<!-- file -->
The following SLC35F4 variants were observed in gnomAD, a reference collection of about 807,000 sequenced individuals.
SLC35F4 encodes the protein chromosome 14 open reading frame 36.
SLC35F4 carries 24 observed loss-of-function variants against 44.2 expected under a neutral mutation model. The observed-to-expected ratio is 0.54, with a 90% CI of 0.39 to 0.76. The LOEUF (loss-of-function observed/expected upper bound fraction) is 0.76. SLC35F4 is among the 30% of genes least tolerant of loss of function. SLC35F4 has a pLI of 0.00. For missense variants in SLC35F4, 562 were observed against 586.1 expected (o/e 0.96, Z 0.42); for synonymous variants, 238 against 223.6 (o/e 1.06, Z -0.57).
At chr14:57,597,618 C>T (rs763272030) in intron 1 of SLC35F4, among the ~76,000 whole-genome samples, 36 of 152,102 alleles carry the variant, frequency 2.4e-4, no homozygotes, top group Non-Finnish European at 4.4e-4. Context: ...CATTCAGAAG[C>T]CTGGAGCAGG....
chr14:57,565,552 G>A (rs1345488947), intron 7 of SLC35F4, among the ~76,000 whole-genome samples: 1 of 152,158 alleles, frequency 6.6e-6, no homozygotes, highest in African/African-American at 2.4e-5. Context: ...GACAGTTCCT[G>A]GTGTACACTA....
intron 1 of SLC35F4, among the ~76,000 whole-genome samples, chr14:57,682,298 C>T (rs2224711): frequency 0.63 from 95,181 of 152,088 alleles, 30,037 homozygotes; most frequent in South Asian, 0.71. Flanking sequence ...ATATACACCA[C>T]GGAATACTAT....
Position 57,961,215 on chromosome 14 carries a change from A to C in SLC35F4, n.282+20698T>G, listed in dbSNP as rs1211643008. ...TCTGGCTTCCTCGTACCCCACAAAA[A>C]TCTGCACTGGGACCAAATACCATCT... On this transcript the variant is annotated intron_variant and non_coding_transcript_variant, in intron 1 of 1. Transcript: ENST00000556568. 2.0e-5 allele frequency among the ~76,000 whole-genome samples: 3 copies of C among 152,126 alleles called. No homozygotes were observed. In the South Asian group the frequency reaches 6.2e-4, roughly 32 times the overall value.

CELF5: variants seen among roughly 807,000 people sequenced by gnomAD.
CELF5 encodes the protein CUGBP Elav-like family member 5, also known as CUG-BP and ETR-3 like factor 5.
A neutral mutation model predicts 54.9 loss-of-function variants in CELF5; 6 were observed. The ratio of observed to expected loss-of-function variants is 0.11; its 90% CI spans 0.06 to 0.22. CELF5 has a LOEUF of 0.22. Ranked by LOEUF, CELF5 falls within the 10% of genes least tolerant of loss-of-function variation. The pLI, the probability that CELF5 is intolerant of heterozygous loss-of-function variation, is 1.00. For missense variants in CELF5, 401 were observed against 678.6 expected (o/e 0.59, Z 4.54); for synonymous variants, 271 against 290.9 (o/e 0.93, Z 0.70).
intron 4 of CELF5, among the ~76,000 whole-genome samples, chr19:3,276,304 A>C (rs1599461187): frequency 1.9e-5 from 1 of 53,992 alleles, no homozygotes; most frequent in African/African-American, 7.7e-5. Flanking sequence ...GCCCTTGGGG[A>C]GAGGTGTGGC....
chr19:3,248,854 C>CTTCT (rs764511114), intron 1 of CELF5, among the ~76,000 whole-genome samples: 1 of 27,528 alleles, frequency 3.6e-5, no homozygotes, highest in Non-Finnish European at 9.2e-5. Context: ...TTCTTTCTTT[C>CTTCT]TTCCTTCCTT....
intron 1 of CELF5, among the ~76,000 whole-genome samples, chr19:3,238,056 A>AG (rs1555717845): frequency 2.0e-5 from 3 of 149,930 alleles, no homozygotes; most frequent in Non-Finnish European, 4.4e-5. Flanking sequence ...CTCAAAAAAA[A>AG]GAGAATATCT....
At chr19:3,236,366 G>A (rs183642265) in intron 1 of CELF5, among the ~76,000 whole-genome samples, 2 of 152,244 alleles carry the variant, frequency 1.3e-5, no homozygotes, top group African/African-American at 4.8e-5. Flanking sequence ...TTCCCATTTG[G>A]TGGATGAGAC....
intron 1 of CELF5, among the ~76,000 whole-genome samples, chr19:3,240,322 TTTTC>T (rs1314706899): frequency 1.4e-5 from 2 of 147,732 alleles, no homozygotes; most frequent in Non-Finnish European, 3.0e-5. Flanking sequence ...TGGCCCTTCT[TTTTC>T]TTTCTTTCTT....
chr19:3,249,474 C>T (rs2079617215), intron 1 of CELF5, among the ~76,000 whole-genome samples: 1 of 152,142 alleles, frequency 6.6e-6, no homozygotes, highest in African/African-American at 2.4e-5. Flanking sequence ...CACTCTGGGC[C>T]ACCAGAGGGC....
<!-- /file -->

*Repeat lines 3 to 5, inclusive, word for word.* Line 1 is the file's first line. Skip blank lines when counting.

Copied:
SLC35F4 carries 24 observed loss-of-function variants against 44.2 expected under a neutral mutation model. The observed-to-expected ratio is 0.54, with a 90% CI of 0.39 to 0.76. The LOEUF (loss-of-function observed/expected upper bound fraction) is 0.76. SLC35F4 is among the 30% of genes least tolerant of loss of function. SLC35F4 has a pLI of 0.00. For missense variants in SLC35F4, 562 were observed against 586.1 expected (o/e 0.96, Z 0.42); for synonymous variants, 238 against 223.6 (o/e 1.06, Z -0.57).
At chr14:57,597,618 C>T (rs763272030) in intron 1 of SLC35F4, among the ~76,000 whole-genome samples, 36 of 152,102 alleles carry the variant, frequency 2.4e-4, no homozygotes, top group Non-Finnish European at 4.4e-4. Context: ...CATTCAGAAG[C>T]CTGGAGCAGG....
chr14:57,565,552 G>A (rs1345488947), intron 7 of SLC35F4, among the ~76,000 whole-genome samples: 1 of 152,158 alleles, frequency 6.6e-6, no homozygotes, highest in African/African-American at 2.4e-5. Context: ...GACAGTTCCT[G>A]GTGTACACTA....